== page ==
Bangladesh and Myanmar have agreed to start repatriating Rohingya refugees in the second quarter of 2021, more than three years after some 740,000 people fled to Bangladeshi refugee camps to escape a brutal military-led ethnic cleansing campaign in their home in Rakhine state.
However, at a virtual meeting on Tuesday, chaired by Chinese Vice Foreign Minister Luo Zhaohui, and the first such negotiation since last January, Myanmar shot down Dhaka’s plan to start sending refugees home earlier.
"We had proposed starting the repatriation in the first quarter, but Myanmar said logistical arrangement will take some more time. So, we said we can do it in the second quarter. They agreed to it," AK Abdul Momen, Bangladesh’s foreign affairs minister told reporters.
He said China and Myanmar had accepted Dhaka's proposal of allowing international observers, but added that Myanmar would only start off with 42,000 out of 830,000 refugees who had already been biometrically verified by Bangladesh, reported the local Daily Star.
The tentative deal leaves unanswered questions about rights and security guarantees for the Rohingya, although Mr Momen said he had stressed the need to create the right conditions to ensure “voluntary repatriation.”
Two previous attempts in 2018 and 2019 collapsed over refugees’ safety fears.
A statement about the meeting issued by Naypyidaw claimed that “Myanmar has made all necessary arrangements for the repatriation” reported Radio Free Asia.
The two sides agreed to hold a follow-up meeting in first week of February.
China continues to insist the issue is “bilateral,” demanding the international community refrain from “further complicating the situation.”
However, Bangladesh has stressed it needs international help to find a lasting solution.
In exclusive comments to The Telegraph ahead of Tuesday’s meeting, Mr Momen expressed frustration not only at foot-dragging by Myanmar which had “the moral and legal responsibility to end this crisis” but also at the United Nations and wider international community.
“We are trying hard bilaterally, trilaterally and even multilaterally to end the plight of these persecuted people. We approached the UN also but except lip service and tall talks, none could ameliorate the plight of Rohingyas,” he said.
Mr Momen urged rights groups and the UN to dedicate more efforts to “convincing Myanmar to create a conducive environment inside Rakhine province” where the Rohingya had lived for centuries.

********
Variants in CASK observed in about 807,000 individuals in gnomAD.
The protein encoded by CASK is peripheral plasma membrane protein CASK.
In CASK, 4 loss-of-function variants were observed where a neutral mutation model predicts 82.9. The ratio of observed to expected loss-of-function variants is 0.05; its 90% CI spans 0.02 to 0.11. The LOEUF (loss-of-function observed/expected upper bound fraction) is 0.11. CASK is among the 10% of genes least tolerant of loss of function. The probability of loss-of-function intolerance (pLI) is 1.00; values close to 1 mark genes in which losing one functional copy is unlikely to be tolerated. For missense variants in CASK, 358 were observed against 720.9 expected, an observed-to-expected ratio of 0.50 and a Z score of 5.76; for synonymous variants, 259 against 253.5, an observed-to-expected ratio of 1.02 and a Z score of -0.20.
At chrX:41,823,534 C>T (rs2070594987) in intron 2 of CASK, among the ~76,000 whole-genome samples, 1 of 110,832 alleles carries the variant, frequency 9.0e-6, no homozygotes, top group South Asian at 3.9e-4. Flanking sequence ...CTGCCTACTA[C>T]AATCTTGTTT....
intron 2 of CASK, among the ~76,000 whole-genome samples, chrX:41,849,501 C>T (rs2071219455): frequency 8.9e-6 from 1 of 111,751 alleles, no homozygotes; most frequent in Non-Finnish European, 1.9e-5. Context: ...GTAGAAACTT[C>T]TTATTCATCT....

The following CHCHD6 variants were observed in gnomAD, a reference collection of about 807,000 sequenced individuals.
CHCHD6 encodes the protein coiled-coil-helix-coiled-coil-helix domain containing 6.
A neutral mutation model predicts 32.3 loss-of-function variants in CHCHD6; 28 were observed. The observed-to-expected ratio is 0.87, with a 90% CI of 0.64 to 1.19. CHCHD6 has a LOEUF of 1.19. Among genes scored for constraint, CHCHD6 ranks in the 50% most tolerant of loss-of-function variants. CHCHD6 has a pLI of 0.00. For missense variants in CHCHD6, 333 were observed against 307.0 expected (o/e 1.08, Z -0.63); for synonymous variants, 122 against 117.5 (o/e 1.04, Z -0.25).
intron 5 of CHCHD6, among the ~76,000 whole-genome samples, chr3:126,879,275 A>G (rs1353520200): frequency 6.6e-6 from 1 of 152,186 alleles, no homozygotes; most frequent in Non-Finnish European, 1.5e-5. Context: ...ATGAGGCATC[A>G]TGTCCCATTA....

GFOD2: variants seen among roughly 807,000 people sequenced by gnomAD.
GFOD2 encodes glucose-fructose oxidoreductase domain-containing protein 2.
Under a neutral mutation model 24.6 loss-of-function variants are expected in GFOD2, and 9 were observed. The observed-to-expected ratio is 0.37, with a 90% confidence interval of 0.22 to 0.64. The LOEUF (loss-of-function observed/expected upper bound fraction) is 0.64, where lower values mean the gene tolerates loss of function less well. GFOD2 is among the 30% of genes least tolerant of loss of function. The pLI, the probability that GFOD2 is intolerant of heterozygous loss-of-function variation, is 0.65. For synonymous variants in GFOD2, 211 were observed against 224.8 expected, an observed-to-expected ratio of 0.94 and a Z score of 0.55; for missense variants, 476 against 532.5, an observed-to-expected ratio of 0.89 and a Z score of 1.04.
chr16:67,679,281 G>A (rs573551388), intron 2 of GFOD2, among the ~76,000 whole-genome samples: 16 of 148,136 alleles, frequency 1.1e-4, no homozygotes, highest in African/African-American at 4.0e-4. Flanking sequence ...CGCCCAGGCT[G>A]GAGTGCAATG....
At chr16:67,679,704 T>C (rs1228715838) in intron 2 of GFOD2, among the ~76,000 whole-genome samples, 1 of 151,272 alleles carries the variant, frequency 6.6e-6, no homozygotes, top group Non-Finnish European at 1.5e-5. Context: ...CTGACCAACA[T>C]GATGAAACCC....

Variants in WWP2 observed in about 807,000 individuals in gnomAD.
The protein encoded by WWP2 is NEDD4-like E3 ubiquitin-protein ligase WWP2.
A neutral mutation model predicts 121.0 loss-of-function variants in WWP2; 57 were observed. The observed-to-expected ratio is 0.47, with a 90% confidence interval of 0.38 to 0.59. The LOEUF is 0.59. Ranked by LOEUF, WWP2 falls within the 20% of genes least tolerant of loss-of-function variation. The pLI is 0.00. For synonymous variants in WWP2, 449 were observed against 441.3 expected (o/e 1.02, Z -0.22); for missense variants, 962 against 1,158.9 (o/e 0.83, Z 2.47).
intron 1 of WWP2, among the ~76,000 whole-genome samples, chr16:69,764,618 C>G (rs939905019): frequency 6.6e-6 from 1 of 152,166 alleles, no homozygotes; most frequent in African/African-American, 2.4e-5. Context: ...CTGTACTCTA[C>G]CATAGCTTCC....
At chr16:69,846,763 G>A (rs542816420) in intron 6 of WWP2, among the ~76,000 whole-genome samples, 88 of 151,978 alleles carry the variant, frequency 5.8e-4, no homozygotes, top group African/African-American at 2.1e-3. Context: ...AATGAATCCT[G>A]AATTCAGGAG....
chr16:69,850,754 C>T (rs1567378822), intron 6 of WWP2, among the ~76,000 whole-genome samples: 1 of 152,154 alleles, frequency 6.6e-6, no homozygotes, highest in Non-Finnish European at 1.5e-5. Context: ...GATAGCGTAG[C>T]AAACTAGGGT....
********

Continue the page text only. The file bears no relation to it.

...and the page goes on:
“Their focus should be to help rehabilitate them and achieve a decent and secure life in their own country,” he said. “It is unfortunate that although Myanmar is violating human rights and engaged in ethnic cleansing, many countries instead of sanctioning and stopping business and investment in Myanmar, in fact, increased it.
“When apartheid was being practiced in South Africa, many human rights groups and organisations made clarion calls for divestment, organised campus demonstrations against apartheid and due to such pressure, apartheid ended,” he said.
“Rights groups should focus and commit their resources to end persecution of Rohingyas in Myanmar.”
In December, Tom Andrews, the UN special rapporteur for Myanmar, admitted the international community had failed to create the conditions in Myanmar for a safe return and to adequately support Bangladesh.
Dhaka has borne much of the burden of the mass outflow of refugees in 2017 as they fled the horrors of a military crackdown that UN investigators said would justify the prosecution of top generals for “genocide.” Myanmar denies this charge and the accusation of ethnic cleansing.
Among Bangladesh’s own proposals to tackle the “trust deficit” between the Rohingya and the Myanmar government Dhaka has suggested Naypyitaw send its officials to the Bangladeshi camps to reassure them, and that non-military civilian observers be allowed into Rakhine state.
Matthew Smith, chief executive officer of Fortify Rights, pointed out that Myanmar still confines more than 125,000 Rohingya to more than 20 internment camps in five townships of Rakhine State, adding that Myanmar was still “a dangerous place to be a Muslim.”
He added: “Myanmar needs to take its military boots off the necks of Rohingya. For voluntary, safe and dignified returns, at a minimum Naypyidaw would need to amend the 1982 Citizenship Law,” which deprives the Rohingya of citizenship.
“Before any serious talk of repatriation, Naypyidaw should close down the internment camps, provide reparations, and support Rohingya to rebuild in their places of origin.”
The UNHCR on Wednesday said it welcomed the discussions as “crucial to making progress” for a “safe, voluntary and sustainable return.”
But it added that the Rohingya should have a seat at the table. “Many Rohingya refugees tell us they want to return home to Myanmar when conditions permit, and they are asking to be consulted as part of the repatriation process,” said a spokesperson.